The Meal Planning Routine that Feeds my Family Week after Week

by Katelyn Denning March 13, 2024

mother holding kid hand teaching chopping tomato

The Meal Planning Routine that Feeds my Family Week after Week

As a busy parent, few things are more exhausting than deciding what to have for dinner.

When you're already tired from a long day and everyone's hungry, it can take a herculean effort to inventory what’s in the fridge, think about what everyone will actually eat, decide and then…cook! Thank goodness for carryout and Trader Joe’s amazing frozen meals.

Having a plan for dinner, feeling confident that you have all the ingredients you need, and then having food on the table at a reasonable time each evening would feel like a huge exhale!

Not to mention how it would affect other areas of life - feeling less stressed in the evenings, starting bedtime earlier, maybe saving a little money, or eating more intentionally.

All that from one, simple routine.

One of my favorite parenting books, which is also full of life lessons for those interested in pursuing a life of simplicity, is Simplicity Parenting by Kim John Payne. There’s an entire section of the book dedicated to routines and how helpful they can be for our kids.

Routines help them know what to expect, when to expect it, and they can help alleviate the stress of the unknown.All things that could benefit parents as well!

If you made more decisions in advance, you’d face less decision fatigue at the end of the day.

If you had stronger rhythms for your family, you wouldn’t have to shoulder all of the decisions yourself. Everyone would know and understand the process.

If you create more supportive routines, you might have more time and space to take care of yourself and maybe even have a little fun along the way.

But you have to start somewhere. So why not start with the routine that has the potential for a large return on investment - your meal-planning routine.

The when and how you actually do it, will be as different for you as it is for me, but there are a few universal steps that hold the key to a successful meal-planning routine:

1. Consolidate your go-to recipes and meals.

When you sit down to choose your meals for the week (or month), you don't want to have to spend time searching Pinterest, saved links, or screenshots for inspiration. Create a “meal index” to house all of the meals you've tried and loved enough to repeat with links to the actual recipe. (For recipes you want to try, create a separate list to pull from on nights when you have time and energy for something new.) This step is an up-front investment but will save so much time week after week!

2. Create meal themes.

Limit your options by setting broad categories for each day of the week. When you’re deciding what to have on Monday, choose between different soup recipes not from all recipes. On Thursday, choose between your favorite pasta dishes. Friday is always pizza, forever and always, and so on. Your decisions will be faster because you’re narrowing down your options. Plus, kids love a good dinner theme. (Taco Tuesday - need I say more?)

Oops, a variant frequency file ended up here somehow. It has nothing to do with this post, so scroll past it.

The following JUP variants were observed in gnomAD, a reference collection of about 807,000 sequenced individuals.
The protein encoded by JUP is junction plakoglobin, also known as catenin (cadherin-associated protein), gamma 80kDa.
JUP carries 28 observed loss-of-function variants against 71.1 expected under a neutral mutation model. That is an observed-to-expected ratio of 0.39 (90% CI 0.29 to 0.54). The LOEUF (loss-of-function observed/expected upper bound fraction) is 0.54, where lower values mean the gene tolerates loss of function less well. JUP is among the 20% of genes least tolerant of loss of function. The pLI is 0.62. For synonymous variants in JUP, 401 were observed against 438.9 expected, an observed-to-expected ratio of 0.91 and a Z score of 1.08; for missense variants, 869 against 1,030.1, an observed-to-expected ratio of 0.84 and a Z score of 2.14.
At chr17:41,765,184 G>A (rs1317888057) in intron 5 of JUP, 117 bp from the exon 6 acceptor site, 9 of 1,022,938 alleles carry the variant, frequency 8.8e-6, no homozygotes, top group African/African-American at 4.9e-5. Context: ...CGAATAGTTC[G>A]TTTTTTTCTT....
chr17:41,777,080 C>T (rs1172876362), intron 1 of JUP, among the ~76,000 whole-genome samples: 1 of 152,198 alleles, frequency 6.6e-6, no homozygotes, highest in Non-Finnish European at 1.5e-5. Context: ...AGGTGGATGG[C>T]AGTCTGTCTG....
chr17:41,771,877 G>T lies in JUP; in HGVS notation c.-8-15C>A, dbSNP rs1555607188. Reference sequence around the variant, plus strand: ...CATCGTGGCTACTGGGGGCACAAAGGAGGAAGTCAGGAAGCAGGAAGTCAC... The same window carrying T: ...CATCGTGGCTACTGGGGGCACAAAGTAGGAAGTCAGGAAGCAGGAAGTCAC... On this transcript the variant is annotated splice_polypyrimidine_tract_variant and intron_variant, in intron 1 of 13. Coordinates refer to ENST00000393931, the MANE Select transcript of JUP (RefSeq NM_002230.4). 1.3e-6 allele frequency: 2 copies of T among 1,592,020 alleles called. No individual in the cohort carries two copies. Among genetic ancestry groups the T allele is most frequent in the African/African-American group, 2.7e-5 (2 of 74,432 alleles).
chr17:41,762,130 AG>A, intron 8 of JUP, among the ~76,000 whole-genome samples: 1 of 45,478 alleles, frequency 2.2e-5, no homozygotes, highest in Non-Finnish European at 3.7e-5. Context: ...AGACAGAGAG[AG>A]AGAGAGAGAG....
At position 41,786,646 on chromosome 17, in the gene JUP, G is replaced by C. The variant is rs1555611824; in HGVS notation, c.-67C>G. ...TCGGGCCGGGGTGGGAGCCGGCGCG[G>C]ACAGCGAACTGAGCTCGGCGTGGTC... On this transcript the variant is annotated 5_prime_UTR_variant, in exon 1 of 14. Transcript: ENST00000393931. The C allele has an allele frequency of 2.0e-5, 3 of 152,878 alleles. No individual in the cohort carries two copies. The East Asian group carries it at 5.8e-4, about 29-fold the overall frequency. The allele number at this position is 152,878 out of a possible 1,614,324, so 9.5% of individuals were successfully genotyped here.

3. Use a template.

Create a go-to place where you document the meals you’ve chosen for the week and then add the recipe ingredients to a pre-built grocery list that includes all your regular staples (milk, bread, apples, eggs, etc.). It’s one less thing to think about and helps the entire process go faster - from choosing meals to shopping at the store or placing your pick-up order.

4. Set realistic expectations.

Is meal-planning fun? Maybe for some people, but for most of us it’s just a chore. It’s work, plain and simple and that’s ok. If you catch yourself complaining or procrastinating because "it takes too long" or "it sucks", remind yourself of how long it actually takes. (It’s helpful to time the process from start to finish a couple of times so you know.) For me, it’s 20-25 minutes and that is time to make decisions, take inventory of what we have and what we need, and type it into the list.

5. Share the process.

If I tried to do it all, I would burn out. So my husband and I agreed to share the process. I choose the meals and create the list. He double-checks it and goes to the store. We take turns cooking based on who has the capacity and energy. The person who doesn't cook does the dishes. That may not be possible for everyone, but it's what we've been able to configure. And when there’s a consistent routine in place, it makes it easier to share and delegate.

The reality is, decision fatigue is real and we have to eat. Making your decisions about what to have for dinner in advance and in as easy a method as possible, will save you so much time, energy, and stress throughout the week.

That’s what routines are about. They’re about creating a template, a way of doing things, so that you don’t have to spend precious mental energy reinventing the wheel every time.

What better place to start than around the dinner table?




Katelyn Denning

Author



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